Bald II, Count of Flanders b 865 and ELFRUDE b

Baldwin II (c. 865 – 10 September 918) was the second margrave (or count) of Flanders, ruling from 879 to 918. He was nicknamed the Bald (Calvus) after his maternal grandfather, King Charles the Bald. 

Baldwin II was born around 865 to Baldwin I of Flanders and Judith of Flanders, the great-granddaughter of Charlemagne 

The early years of Baldwin’s rule were marked by a series of devastating Viking raids into Flanders.[3] By 883 CE, he was forced to move north to Pagus Flandransis, which became the territory most closely associated with the Counts of Flanders.[3] Baldwin constructed a series of wooden fortifications at Saint-Omer, Bruges, Ghent, and Kortrijk. He then seized lands that were abandoned by royal and ecclesiastical officials.[4] Many of these same citadels later formed castellanies which housed government, militia, and local courts.

Between 893 and 899, Baldwin II married Ælfthryth (or Elftrude or Elfrida), the daughter of Alfred the Great.[5] The immediate goal of that Anglo-Flemish alliance was to help Baldwin control the lower Canche River valley.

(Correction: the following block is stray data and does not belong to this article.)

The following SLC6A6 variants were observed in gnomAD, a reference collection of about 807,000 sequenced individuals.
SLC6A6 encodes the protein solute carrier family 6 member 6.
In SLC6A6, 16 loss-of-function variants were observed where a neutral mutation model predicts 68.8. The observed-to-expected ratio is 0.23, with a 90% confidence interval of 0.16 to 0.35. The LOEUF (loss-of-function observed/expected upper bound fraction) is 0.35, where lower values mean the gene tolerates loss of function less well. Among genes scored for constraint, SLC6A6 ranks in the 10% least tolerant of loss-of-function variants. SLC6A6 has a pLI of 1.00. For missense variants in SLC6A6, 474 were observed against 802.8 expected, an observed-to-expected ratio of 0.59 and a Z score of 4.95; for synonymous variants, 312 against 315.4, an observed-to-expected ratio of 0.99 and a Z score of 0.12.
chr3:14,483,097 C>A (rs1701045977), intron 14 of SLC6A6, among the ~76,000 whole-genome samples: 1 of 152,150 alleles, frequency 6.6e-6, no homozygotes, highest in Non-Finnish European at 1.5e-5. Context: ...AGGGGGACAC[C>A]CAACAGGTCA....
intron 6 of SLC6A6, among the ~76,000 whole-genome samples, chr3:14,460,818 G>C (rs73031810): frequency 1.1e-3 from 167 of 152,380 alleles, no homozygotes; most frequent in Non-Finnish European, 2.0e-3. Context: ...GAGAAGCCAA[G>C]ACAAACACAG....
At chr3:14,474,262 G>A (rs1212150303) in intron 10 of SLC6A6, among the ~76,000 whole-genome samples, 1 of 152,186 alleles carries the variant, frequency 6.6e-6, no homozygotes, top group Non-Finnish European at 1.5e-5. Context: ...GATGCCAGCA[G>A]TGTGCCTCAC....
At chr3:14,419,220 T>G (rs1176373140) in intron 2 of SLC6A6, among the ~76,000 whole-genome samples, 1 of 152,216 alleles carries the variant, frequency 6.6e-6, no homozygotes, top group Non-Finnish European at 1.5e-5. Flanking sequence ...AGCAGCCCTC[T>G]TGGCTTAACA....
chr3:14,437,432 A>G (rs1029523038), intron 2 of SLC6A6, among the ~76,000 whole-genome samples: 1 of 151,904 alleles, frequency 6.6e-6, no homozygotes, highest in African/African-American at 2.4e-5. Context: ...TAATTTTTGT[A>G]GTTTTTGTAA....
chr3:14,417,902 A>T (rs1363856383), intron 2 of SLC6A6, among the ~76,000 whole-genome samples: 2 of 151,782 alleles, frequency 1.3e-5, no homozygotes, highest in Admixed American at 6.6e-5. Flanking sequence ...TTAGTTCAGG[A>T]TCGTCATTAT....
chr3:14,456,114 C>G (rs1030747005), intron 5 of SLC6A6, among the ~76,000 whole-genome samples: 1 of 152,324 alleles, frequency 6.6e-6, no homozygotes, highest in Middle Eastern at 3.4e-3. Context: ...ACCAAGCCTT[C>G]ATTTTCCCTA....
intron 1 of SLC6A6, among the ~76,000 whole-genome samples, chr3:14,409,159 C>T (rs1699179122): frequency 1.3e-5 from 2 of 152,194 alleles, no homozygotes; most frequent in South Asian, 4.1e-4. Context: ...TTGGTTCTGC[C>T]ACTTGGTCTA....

In 888 CE, the western Frankish king, Charles the Fat, was deposed, leaving several candidates vying to replace him.[7] As a grandson of Charles the Bald, Holy Roman Emperor and King of West Francia, Baldwin could have competed for the crown of West Francia.[4] Instead, Baldwin and others tried to convince the East Frankish King, Arnulf, to take the West Frankish crown, but Arnulf declined.[7]

The Robertine Odo, Count of Paris, was eventually made king.[8] Odo and Baldwin’s relationship deteriorated when Odo failed to support Baldwin’s attempts to gain control of the Abbey of St. Bertin. Odo attacked Baldwin at Bruges but was unable to prevail.[7] Baldwin continued his expansion to the south and gained control over Artois, including the important Abbey of St. Vaast.

When the Abbey came under the jurisdiction of Archbishop Fulk of Reims in 900 CE, Baldwin had the archbishop assassinated and was excommunicated by Pope Benedict IV.[6] When his attempts to expand further into the upper Somme River valley were opposed by Herbert I, Count of Vermandois, Baldwin had the count assassinated as well.[6] Baldwin died on 10 September 918 CE,[9] at Blandijnberg (near Ghent) and was succeeded by his eldest son, Arnulf I of Flanders. His younger son, Adalulf, became the first Count of Boulogne.,_Margrave_of_Flanders